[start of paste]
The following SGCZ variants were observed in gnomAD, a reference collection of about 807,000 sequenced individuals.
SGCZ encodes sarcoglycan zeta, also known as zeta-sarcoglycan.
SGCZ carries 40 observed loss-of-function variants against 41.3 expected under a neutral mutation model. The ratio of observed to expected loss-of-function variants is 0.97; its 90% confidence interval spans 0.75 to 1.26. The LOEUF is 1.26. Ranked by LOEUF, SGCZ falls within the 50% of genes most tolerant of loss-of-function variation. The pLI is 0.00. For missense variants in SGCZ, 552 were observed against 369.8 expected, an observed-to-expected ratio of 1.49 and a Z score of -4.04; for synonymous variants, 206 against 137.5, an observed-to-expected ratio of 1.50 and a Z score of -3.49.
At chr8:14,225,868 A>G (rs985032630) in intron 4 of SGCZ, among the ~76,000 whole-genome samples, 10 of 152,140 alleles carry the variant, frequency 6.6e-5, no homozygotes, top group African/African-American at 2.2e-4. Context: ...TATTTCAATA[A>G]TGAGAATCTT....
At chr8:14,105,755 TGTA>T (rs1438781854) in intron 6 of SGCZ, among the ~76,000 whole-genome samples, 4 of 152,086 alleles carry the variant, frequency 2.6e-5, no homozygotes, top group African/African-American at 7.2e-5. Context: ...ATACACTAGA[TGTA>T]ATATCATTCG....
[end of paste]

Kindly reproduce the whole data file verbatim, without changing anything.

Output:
The following SGCZ variants were observed in gnomAD, a reference collection of about 807,000 sequenced individuals.
SGCZ encodes sarcoglycan zeta, also known as zeta-sarcoglycan.
SGCZ carries 40 observed loss-of-function variants against 41.3 expected under a neutral mutation model. The ratio of observed to expected loss-of-function variants is 0.97; its 90% confidence interval spans 0.75 to 1.26. The LOEUF is 1.26. Ranked by LOEUF, SGCZ falls within the 50% of genes most tolerant of loss-of-function variation. The pLI is 0.00. For missense variants in SGCZ, 552 were observed against 369.8 expected, an observed-to-expected ratio of 1.49 and a Z score of -4.04; for synonymous variants, 206 against 137.5, an observed-to-expected ratio of 1.50 and a Z score of -3.49.
At chr8:14,225,868 A>G (rs985032630) in intron 4 of SGCZ, among the ~76,000 whole-genome samples, 10 of 152,140 alleles carry the variant, frequency 6.6e-5, no homozygotes, top group African/African-American at 2.2e-4. Context: ...TATTTCAATA[A>G]TGAGAATCTT....
At chr8:14,105,755 TGTA>T (rs1438781854) in intron 6 of SGCZ, among the ~76,000 whole-genome samples, 4 of 152,086 alleles carry the variant, frequency 2.6e-5, no homozygotes, top group African/African-American at 7.2e-5. Context: ...ATACACTAGA[TGTA>T]ATATCATTCG....